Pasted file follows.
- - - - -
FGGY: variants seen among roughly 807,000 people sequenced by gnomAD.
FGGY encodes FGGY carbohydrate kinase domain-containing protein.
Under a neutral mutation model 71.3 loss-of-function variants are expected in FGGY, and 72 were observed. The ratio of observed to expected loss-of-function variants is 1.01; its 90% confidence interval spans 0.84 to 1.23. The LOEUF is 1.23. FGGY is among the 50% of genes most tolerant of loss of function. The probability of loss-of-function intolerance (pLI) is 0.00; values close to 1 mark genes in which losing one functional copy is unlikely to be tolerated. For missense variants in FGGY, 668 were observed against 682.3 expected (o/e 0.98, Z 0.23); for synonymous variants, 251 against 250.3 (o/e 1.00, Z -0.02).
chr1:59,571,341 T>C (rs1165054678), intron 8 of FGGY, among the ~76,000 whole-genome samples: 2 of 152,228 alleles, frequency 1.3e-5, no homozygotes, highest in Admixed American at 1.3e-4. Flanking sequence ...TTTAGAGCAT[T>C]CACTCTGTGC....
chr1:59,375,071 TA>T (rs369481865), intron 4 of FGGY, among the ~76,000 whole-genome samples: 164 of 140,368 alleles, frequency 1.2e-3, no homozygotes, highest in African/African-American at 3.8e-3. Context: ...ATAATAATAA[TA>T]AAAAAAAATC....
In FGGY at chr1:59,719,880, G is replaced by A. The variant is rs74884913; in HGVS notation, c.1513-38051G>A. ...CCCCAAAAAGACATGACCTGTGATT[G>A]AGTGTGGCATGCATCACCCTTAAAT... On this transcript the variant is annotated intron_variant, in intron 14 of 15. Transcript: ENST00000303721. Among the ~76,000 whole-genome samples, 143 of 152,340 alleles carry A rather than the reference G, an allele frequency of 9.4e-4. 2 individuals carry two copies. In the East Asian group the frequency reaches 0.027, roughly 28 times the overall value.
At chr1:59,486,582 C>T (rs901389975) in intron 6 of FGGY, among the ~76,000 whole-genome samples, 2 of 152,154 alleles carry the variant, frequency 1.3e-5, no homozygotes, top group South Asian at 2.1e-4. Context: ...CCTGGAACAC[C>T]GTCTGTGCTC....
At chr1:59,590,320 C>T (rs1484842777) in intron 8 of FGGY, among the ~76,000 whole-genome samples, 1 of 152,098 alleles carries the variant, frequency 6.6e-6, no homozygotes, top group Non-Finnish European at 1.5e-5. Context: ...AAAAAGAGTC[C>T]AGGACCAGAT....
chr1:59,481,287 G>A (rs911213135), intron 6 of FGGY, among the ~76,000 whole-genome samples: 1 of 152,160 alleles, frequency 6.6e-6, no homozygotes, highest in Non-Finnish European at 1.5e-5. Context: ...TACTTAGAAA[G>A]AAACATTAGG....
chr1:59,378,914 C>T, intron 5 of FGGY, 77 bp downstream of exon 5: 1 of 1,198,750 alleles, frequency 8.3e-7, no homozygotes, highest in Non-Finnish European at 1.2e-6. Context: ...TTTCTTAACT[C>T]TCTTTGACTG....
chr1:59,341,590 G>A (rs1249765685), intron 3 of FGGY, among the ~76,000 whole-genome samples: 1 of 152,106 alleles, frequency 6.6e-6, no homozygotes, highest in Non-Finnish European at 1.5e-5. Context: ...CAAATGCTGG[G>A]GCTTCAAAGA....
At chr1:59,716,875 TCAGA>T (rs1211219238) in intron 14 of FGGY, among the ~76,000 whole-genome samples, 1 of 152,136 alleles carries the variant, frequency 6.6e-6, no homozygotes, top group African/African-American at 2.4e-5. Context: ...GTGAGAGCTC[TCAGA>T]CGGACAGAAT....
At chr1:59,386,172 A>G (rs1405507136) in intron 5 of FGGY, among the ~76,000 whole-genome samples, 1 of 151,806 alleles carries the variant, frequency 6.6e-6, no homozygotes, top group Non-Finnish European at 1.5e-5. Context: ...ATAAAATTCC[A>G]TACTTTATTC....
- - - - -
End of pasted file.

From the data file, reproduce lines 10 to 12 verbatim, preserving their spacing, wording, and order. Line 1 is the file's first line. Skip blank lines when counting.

chr1:59,378,914 C>T, intron 5 of FGGY, 77 bp downstream of exon 5: 1 of 1,198,750 alleles, frequency 8.3e-7, no homozygotes, highest in Non-Finnish European at 1.2e-6. Context: ...TTTCTTAACT[C>T]TCTTTGACTG....
chr1:59,341,590 G>A (rs1249765685), intron 3 of FGGY, among the ~76,000 whole-genome samples: 1 of 152,106 alleles, frequency 6.6e-6, no homozygotes, highest in Non-Finnish European at 1.5e-5. Context: ...CAAATGCTGG[G>A]GCTTCAAAGA....
At chr1:59,716,875 TCAGA>T (rs1211219238) in intron 14 of FGGY, among the ~76,000 whole-genome samples, 1 of 152,136 alleles carries the variant, frequency 6.6e-6, no homozygotes, top group African/African-American at 2.4e-5. Context: ...GTGAGAGCTC[TCAGA>T]CGGACAGAAT....